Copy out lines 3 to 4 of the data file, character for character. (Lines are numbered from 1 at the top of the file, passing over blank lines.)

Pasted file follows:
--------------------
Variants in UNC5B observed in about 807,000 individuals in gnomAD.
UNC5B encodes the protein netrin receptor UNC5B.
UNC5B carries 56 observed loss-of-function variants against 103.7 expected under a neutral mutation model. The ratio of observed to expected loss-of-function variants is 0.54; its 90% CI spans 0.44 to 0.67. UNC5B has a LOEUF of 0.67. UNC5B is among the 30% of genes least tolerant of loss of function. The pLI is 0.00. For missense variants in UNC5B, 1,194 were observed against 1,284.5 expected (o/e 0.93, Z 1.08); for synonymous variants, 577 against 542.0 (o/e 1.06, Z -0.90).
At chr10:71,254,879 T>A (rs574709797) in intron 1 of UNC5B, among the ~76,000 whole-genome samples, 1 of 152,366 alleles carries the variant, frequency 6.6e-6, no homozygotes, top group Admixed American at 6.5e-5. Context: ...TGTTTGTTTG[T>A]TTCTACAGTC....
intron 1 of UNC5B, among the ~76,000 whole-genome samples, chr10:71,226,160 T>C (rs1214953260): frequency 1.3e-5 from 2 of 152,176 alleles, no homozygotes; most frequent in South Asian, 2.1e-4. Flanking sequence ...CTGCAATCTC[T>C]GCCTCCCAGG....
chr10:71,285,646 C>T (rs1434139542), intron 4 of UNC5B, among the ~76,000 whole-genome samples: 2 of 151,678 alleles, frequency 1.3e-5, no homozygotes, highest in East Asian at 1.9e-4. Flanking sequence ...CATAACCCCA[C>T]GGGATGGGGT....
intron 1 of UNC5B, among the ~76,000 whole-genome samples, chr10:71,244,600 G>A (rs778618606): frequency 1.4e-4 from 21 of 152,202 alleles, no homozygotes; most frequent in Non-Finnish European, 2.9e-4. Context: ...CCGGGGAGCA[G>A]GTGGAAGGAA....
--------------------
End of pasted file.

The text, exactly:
UNC5B carries 56 observed loss-of-function variants against 103.7 expected under a neutral mutation model. The ratio of observed to expected loss-of-function variants is 0.54; its 90% CI spans 0.44 to 0.67. UNC5B has a LOEUF of 0.67. UNC5B is among the 30% of genes least tolerant of loss of function. The pLI is 0.00. For missense variants in UNC5B, 1,194 were observed against 1,284.5 expected (o/e 0.93, Z 1.08); for synonymous variants, 577 against 542.0 (o/e 1.06, Z -0.90).
At chr10:71,254,879 T>A (rs574709797) in intron 1 of UNC5B, among the ~76,000 whole-genome samples, 1 of 152,366 alleles carries the variant, frequency 6.6e-6, no homozygotes, top group Admixed American at 6.5e-5. Context: ...TGTTTGTTTG[T>A]TTCTACAGTC....